Australia currently has the highest rates of ACL rupture in the world with 20,000 injuries annually. This is partly due to the nation’s choice of sports but may also be attributed to early sport specialisation in children and young teens. Currently, 35% of people who rupture their ACL will not return to their pre-injury level of sport within 2 years post-operatively.
Your ACL is a ligament in the middle of your knee joint that provides support and stability, particularly during change of direction or when a force is pushes the knee from the outside inwards. If either of these happen quickly and with the leg on a ‘wrong’ angle – the ligament can rupture or tear.
For some time now, almost all ACL ruptures would go on to have surgery, particularly if they want to continue playing sports. But there may be another option…
Conservative (non-surgical) treatment of ACL injuries has been the second, much less popular choice for rehabilitating ACL injuries throughout history. For some time, it has been theorised that not repairing the ACL would result in increased wear to the joint and increased osteoarthritis in the long term. Recent evidence has cast doubt on the increased prevalence of osteoarthritis in conservatively managed ACL ruptures and appears to show that functional improvements and return to sport may be just a good in the long term!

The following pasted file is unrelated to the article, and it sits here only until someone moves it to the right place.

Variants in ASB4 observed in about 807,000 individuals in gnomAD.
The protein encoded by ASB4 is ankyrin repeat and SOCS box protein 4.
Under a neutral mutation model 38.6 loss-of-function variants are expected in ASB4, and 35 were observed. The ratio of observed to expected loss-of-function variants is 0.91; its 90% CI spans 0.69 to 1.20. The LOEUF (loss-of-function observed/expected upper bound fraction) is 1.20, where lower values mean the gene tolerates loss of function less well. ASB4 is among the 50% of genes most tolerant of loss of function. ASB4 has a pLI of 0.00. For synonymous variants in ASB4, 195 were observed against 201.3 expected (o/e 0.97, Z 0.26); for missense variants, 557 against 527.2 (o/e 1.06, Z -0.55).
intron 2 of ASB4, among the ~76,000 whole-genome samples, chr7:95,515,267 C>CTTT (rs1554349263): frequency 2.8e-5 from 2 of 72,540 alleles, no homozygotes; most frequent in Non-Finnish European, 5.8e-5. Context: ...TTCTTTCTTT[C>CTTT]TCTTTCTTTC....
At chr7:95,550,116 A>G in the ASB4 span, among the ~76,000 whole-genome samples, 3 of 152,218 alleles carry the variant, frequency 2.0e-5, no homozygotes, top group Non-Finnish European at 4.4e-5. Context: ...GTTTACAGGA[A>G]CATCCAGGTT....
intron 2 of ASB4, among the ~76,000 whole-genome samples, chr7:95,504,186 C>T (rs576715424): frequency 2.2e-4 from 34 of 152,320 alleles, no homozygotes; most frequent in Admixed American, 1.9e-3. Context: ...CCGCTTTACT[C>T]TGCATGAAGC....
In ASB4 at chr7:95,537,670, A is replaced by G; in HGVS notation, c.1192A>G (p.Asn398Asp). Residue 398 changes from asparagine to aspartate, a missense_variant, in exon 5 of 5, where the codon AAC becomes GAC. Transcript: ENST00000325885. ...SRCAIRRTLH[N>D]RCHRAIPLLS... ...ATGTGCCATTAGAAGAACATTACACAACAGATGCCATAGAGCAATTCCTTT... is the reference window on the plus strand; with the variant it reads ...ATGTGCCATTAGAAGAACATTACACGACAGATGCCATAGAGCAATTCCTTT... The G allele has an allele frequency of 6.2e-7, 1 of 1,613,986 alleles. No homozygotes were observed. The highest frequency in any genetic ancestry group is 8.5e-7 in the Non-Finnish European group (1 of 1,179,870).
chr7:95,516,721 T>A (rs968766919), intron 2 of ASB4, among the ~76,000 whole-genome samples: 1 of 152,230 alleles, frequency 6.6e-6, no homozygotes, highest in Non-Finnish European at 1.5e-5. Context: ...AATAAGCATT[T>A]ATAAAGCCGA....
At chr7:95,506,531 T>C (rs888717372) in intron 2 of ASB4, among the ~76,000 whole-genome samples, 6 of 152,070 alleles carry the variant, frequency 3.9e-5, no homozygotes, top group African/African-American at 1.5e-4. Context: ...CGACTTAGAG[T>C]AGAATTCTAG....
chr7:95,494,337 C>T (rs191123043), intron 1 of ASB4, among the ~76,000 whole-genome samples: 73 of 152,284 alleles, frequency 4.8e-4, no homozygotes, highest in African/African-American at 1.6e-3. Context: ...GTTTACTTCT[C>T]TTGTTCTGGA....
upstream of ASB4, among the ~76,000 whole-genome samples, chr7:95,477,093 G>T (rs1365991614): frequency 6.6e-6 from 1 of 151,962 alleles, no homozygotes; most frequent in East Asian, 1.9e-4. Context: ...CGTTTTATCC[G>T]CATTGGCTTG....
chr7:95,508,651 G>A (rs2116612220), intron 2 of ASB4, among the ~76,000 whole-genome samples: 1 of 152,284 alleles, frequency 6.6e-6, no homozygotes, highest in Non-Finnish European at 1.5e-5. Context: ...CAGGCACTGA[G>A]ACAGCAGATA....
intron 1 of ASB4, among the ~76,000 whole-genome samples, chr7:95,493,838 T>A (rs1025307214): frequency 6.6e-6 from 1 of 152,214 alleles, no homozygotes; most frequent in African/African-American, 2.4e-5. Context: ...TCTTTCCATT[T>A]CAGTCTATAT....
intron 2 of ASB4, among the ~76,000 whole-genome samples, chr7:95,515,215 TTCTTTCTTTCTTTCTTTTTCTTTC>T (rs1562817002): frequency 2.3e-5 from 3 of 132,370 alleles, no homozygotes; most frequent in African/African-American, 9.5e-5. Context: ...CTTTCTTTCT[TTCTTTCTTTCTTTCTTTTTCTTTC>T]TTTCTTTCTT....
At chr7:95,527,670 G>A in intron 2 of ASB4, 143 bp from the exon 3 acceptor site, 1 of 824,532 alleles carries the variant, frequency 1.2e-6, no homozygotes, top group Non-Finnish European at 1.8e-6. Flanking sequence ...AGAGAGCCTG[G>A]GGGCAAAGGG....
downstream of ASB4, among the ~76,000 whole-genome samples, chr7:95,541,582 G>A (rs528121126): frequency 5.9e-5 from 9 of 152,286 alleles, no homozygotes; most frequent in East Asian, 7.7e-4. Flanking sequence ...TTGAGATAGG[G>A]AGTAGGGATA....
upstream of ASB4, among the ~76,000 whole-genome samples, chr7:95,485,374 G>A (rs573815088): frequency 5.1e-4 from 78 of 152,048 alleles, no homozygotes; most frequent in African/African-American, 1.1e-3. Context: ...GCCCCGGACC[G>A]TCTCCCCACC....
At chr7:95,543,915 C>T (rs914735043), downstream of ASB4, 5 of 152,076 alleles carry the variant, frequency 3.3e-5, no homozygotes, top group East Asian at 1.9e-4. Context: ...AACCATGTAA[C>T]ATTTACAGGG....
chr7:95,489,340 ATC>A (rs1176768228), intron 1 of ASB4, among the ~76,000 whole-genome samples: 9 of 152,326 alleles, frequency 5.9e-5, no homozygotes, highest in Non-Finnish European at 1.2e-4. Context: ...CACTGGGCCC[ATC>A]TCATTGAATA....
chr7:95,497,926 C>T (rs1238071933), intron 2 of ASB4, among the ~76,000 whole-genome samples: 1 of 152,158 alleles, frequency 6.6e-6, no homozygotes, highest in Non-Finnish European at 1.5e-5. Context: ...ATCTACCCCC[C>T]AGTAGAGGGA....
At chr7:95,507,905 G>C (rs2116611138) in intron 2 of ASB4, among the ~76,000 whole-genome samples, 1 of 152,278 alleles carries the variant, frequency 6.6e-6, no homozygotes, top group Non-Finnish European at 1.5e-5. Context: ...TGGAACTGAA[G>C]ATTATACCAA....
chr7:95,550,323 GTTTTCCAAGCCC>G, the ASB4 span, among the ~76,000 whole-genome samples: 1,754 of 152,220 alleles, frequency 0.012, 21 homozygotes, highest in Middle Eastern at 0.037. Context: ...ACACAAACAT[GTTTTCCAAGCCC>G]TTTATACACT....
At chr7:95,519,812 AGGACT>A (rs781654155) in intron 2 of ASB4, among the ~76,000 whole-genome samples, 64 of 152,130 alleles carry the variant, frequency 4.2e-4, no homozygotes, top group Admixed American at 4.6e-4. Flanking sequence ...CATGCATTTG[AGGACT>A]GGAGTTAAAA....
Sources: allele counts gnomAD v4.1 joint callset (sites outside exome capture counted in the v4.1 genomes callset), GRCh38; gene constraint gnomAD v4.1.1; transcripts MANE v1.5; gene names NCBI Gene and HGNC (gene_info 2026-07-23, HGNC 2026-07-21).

Your ACL has mechano-receptors inside it that help to tell your brain what position your knee is in. When the ligament is ruptured the brain loses these receptors and it is therefore harder to control the knee position. The loss of these mechano-receptors contributes to the instability that is felt. These receptors do not come back with placement of a graft during surgical repair. The exercises that are given during rehabilitation to help improve neuromuscular control are a large part of what improves stability in the knee over the 12 months post-injury.
So far, great conservative outcomes have been seen across a multitude of sports – skiing, surfing, running, snowboarding and cycling to name a few. You certainly don’t ‘need’ an ACL to complete most activities and the medical field is wondering whether this approach will slowly encompass more sports as we become more confident in the science!
At this stage, if you play a high-risk sport (such as AFL, rugby, netball and basketball) and you are wanting to return to play, surgery is still recommended. Remember that surgery is only 5% of the ‘fix’ though and at least 12 months of hard exercise-based rehabilitation lie ahead in order to safely get back!
Food for thought.
Article by Hannah Graham